Fabric7 Creates Flexible Opteron Server for Linux, Windows
by Timothy Prickett Morgan
After years and years of consolidation in the server industry, where a cornucopia of vendors selling a wide variety of server architectures has been crunched down by market forces into a relative handful of server makers selling only a few different server architectures and only supporting a number of operating system platforms, it is refreshing to see a new vendor like Fabric7 Systems enter the market with an interesting new architecture on the Opteron processor from AMD.
Fabric7 was founded by a bunch of server experts who hail from Sun Microsystems and the former Sequent Computer Systems (which was acquired by IBM in July 1999 for $810 million). Fabric7 was founded in May 2002 and has been operating in stealth mode in Silicon Valley--in Mountain View, Calif., to be specific--putting together a slightly new kind of server design. This design creates a fabric made out of virtualized commodity components, including Opteron processor nodes, Gigabit Ethernet networking nodes to link to the outside world, Fibre Channel connectivity nodes to link to storage arrays, and specialized processing nodes that include TCP/IP, XML, SSL, and SLB (server load balancing) acceleration. Each of these nodes can be virtualized--meaning, carved up into logical pieces and cross-connected to each other through a high-speed, low-latency crossbar switch. This crossbar, according to Sharad Mehrotra, who is one of the founders of Fabric7 and who is now its president and CEO, is based on a chipset used in high-performance routers and switches--the IBM Prizma chipset, to be specific, which was created by IBM Research in the late 1990s and sold to chip partner AMCC. You have to be careful what you discard in the IT business, because someone can always take what you didn't think was working right and make something surprisingly good out of it.
The Fabric7 Q80 and Q160 servers as well as the executives who have founded the company are an excellent example of how the IT ecosystem likes to conserve and reuse ideas. Mehrotra founded a high-end networking startup in 1999 called Procket Networks, which raised $272 million in venture capital and which eventually sold itself to Cisco Systems in June 2004 for $89 million. Before founding Procket, Mehrotra was one of the designers of the ill-fated "Millennium" UltraSparc-IV processor at Sun Microsystems after putting in a few years as a staff engineer. His two other co-founders are Nakul Saraiya, who is Fabric7's chief software architect, and Thomas Lovett, chief server architect. Prior to founding Fabric7, Saraiya was the principal engineer at Akamai Technologies, and was also a senior staff engineer at Sun who worked on Java programming and Sparc server SMP scalability. Lovett heads up the Fabric7 server development team from Portland, Oregon, which stands to reason since he was the chief architect of Sequent's NUMA-Q scalable X86 servers. Lovett moved over to IBM and worked on the "Summit" xSeries servers, which are in essence the kicker to the NUMA-Qs.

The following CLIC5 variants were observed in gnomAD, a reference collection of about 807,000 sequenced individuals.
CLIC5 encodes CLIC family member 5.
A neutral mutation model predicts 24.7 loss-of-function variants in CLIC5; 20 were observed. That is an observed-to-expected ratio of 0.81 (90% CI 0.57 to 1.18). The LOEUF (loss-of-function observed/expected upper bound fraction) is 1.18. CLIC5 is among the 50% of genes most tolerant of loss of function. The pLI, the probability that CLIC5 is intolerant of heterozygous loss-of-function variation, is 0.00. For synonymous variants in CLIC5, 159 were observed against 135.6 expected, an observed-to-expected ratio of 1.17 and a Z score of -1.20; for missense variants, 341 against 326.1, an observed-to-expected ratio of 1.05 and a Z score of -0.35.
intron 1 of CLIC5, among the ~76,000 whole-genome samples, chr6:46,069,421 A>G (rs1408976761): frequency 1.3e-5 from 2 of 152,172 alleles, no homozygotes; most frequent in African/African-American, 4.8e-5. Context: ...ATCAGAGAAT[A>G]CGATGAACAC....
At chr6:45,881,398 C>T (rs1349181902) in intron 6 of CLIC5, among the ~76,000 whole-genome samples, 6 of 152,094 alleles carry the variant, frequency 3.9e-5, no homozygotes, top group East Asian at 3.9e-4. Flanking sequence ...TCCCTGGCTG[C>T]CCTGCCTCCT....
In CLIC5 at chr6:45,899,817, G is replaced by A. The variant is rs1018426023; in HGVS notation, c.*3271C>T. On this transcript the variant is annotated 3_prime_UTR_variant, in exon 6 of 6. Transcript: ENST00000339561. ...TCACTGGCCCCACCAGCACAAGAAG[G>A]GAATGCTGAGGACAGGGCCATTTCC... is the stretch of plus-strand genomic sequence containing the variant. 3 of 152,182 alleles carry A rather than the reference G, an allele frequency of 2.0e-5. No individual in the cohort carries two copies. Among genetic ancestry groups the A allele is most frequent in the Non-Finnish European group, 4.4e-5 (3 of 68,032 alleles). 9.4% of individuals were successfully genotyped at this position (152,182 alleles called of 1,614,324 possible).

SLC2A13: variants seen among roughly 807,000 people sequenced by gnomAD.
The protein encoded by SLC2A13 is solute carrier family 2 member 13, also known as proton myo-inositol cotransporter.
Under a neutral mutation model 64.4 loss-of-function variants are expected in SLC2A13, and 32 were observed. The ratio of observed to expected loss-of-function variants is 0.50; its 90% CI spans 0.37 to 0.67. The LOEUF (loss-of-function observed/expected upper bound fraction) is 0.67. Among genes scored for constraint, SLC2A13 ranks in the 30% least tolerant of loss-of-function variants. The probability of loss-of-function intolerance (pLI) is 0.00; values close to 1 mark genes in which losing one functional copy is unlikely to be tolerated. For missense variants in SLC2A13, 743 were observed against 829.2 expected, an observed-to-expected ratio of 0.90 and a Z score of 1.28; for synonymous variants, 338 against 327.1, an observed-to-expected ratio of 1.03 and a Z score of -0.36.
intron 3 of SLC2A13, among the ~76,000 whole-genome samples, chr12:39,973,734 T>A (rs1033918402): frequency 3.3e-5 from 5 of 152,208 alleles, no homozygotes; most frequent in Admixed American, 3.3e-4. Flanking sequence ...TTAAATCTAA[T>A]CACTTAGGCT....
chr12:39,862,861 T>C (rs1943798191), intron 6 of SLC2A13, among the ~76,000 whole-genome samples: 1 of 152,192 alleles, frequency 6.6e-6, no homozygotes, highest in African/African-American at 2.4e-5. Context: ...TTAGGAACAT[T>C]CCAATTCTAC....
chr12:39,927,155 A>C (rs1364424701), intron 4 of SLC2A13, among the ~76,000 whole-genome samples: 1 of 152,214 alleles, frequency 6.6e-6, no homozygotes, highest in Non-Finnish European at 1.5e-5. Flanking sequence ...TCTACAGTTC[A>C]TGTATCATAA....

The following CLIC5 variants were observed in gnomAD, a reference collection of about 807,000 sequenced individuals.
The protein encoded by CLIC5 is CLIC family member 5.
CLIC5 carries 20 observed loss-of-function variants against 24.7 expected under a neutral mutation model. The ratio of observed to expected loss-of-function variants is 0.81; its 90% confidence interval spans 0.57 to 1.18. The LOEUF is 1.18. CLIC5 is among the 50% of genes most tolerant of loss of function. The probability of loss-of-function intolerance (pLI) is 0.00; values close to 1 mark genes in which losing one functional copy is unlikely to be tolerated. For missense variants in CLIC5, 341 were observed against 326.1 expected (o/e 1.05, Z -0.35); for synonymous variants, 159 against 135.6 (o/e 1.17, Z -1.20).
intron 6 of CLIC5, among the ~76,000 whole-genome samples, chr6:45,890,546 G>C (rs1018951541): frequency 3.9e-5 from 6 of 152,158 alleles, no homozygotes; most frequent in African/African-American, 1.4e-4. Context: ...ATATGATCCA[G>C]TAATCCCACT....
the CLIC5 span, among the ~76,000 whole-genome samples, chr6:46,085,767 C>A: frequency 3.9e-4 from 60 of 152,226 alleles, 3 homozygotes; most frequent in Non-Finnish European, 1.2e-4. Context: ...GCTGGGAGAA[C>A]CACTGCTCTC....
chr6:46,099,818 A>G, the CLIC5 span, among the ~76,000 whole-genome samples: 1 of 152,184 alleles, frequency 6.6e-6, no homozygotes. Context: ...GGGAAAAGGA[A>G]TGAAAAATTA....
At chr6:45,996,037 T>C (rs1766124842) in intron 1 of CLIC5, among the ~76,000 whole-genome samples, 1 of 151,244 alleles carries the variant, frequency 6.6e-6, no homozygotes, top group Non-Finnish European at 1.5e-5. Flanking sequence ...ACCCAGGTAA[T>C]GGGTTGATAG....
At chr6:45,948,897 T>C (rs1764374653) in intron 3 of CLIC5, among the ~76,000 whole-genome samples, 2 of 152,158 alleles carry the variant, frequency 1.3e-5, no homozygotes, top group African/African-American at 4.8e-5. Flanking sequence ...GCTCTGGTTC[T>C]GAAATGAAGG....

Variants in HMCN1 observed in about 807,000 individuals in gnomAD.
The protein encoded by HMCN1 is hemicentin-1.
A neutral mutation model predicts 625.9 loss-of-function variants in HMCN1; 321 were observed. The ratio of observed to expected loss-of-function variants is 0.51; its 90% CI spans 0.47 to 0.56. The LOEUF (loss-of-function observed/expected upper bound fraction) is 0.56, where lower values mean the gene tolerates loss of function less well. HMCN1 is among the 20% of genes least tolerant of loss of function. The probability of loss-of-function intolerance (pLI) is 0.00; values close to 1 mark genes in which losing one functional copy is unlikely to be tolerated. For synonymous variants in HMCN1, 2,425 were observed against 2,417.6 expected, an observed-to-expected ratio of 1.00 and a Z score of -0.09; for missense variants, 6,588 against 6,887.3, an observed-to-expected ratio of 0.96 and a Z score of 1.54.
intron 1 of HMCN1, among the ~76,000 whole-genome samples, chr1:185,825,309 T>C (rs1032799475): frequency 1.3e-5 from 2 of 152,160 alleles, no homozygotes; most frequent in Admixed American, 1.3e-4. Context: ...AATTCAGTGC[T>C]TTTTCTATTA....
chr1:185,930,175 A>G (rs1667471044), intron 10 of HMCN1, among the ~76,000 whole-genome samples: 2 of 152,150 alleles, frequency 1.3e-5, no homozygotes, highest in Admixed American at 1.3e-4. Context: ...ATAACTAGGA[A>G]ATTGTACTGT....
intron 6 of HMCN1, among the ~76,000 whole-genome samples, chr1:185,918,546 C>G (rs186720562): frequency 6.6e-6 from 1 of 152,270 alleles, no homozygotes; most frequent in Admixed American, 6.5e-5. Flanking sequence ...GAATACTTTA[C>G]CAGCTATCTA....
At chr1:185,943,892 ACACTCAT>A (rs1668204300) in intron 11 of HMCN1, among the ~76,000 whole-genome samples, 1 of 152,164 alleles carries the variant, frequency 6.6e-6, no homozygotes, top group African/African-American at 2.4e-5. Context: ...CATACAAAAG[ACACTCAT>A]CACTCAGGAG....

When these three guys started up a server company in May 2002, you might think that you'd have to be crazy to invest in a new server company, especially one that was betting the farm on the Opteron processors. But that is not what the venture capitalists seem to think, particularly based on the skill and experience of the founders. So far, Fabric7 has been able to raise $32 million in private funding from New Enterprise Associates, Goldman Sachs, Selby Venture Partners, Vanguard Ventures, Foundation Capital, Sanmina-SCI, and Yasuda Enterprise Development.
There are a few secrets to the Fabric7 Q series of servers, and one of them is to weave high performance but commodity components together to make a very powerful yet inexpensive server platform. The other secret is that the design of the Q machines is that rather than being a server design that adds on storage connectivity, networking, and server function acceleration as afterthoughts far out on the I/O buses, these features are right in the heart of the system on that high-speed crossbar that connects computing elements together. This is the fabric part of Fabric7, and if you remember the promises that were made about the InfiniBand switched fabric architecture that were made many years ago by IBM, Intel, and other InfiniBand backers, this will all sound very familiar. InfiniBand was supposed to be a switched fabric that would end up being the connectivity between server nodes and storage nodes, essentially becoming the backplane in a server, and with very high bandwidth and low latency on those InfiniBand links, the server nodes were supposed to be able to function like a cluster of small machines or a giant NUMA-oid SMP server. In plain English, the same backplane that does the SMP scaling is used to talk to the outside world through virtualized Ethernet and Fibre Channel links.